Now, the esteemed director is turning his attention to Manchester Metropolitan and its own rich history of storytelling.
A new type of creative education is coming, a new way to create for the 21st century: the School of Digital Arts (SODA).
SODA, a £35m investment by Manchester Metropolitan and the Greater Manchester Combined Authority, will house more than 1,000 students annually and bring together expertise in film, animation, UX design, immersive technologies, photography, games design, AI and more, often working on live projects with industry partners.
First unveiled as a concept in February 2017, SODA will open in 2021 and building work on its new home is now underway. Boyle is co-chair of its industry advisory group ready to shape the next generation of storytellers.
Met Magazine caught up with Boyle ahead of the first SODA industry event talk. The inaugural talk was delivered by Boyle at HOME, an international contemporary art, theatre and film centre just a stone’s throw from the University.
His talk, Will Robots Love Jesus?, took a provocative look at the growth of technology, which was followed by a panel Q&A (pictured above) that included fellow SODA industry advisory group co-chair Nicola Shindler, Executive Producer of RED Production Company and CEO of StudioCanal UK.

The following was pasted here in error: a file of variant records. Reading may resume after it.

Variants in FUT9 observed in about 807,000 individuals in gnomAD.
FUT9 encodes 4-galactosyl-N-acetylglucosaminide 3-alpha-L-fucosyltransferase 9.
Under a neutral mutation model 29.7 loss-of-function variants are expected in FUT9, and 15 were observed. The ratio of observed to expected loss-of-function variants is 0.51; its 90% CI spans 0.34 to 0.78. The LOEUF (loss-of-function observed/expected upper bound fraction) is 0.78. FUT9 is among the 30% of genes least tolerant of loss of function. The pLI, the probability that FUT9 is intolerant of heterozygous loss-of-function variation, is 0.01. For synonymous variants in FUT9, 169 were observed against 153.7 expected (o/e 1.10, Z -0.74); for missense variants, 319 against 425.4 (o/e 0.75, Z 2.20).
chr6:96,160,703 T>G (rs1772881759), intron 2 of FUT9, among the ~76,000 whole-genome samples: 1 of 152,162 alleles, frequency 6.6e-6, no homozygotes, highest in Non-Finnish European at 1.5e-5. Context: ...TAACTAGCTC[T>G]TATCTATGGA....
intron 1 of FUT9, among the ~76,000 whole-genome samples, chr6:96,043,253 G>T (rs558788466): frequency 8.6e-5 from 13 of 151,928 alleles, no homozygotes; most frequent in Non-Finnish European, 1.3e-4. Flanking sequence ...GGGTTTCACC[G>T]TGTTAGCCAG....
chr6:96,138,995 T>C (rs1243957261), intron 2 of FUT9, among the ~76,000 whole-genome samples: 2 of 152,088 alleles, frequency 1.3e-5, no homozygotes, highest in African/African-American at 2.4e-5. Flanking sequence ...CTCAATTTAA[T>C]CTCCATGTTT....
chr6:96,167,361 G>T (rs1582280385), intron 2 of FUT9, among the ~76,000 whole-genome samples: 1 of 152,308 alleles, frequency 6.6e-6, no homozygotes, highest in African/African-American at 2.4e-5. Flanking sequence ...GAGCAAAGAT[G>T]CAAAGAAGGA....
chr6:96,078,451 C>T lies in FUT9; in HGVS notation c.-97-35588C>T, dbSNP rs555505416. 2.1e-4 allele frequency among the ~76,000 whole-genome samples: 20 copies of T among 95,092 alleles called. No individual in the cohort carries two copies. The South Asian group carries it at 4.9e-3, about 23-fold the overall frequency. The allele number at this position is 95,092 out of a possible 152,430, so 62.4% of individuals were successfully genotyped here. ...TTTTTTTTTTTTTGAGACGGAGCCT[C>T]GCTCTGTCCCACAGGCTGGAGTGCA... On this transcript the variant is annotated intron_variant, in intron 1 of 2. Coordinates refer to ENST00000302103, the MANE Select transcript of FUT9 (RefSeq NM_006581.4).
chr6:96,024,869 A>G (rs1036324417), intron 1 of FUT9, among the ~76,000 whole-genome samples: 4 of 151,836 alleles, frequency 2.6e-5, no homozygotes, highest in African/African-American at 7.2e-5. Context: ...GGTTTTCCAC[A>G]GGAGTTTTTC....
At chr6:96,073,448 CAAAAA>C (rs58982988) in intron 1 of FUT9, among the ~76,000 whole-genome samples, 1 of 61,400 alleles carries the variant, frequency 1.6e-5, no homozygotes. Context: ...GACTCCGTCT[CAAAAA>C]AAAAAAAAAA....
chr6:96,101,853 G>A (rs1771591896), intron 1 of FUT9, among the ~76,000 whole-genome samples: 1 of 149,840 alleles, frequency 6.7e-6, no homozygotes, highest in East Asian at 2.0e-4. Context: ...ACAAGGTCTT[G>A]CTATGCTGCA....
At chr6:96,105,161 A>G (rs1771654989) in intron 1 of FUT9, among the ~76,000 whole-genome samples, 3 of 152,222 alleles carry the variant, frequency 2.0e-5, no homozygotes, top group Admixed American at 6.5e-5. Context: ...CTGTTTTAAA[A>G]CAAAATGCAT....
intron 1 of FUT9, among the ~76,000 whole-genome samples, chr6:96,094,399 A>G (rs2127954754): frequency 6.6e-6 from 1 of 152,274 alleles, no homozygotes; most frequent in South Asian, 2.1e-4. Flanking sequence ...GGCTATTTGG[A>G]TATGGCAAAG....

“I’m the last person you should ask about the future of storytelling,” he said.
“Because actually I’ve had quite a successful go at telling stories up until recently. I would tend to recommend that path because it worked for me, and why would I want to consider anything else or think about anything else?”
He added: “When I heard about SODA, I thought what a wonderful thing. But I’m not a future storyteller, that’s what the School of Digital Arts is about – about creating the space where future storytellers can begin to find their footing.
“It’s something that I was very excited to be offered because it allowed me to at last feel I could do something useful with all the benefits that I’ve taken and used quite selfishly.”
Boyle has already dipped his toe into the water, working with students ahead of the inaugural talk, which is part of SODA’s Future of Storytelling industry event series. He worked with students in the University’s Manchester School of Art to provide thought-provoking ideas for them to create digital art that was screened during his talk.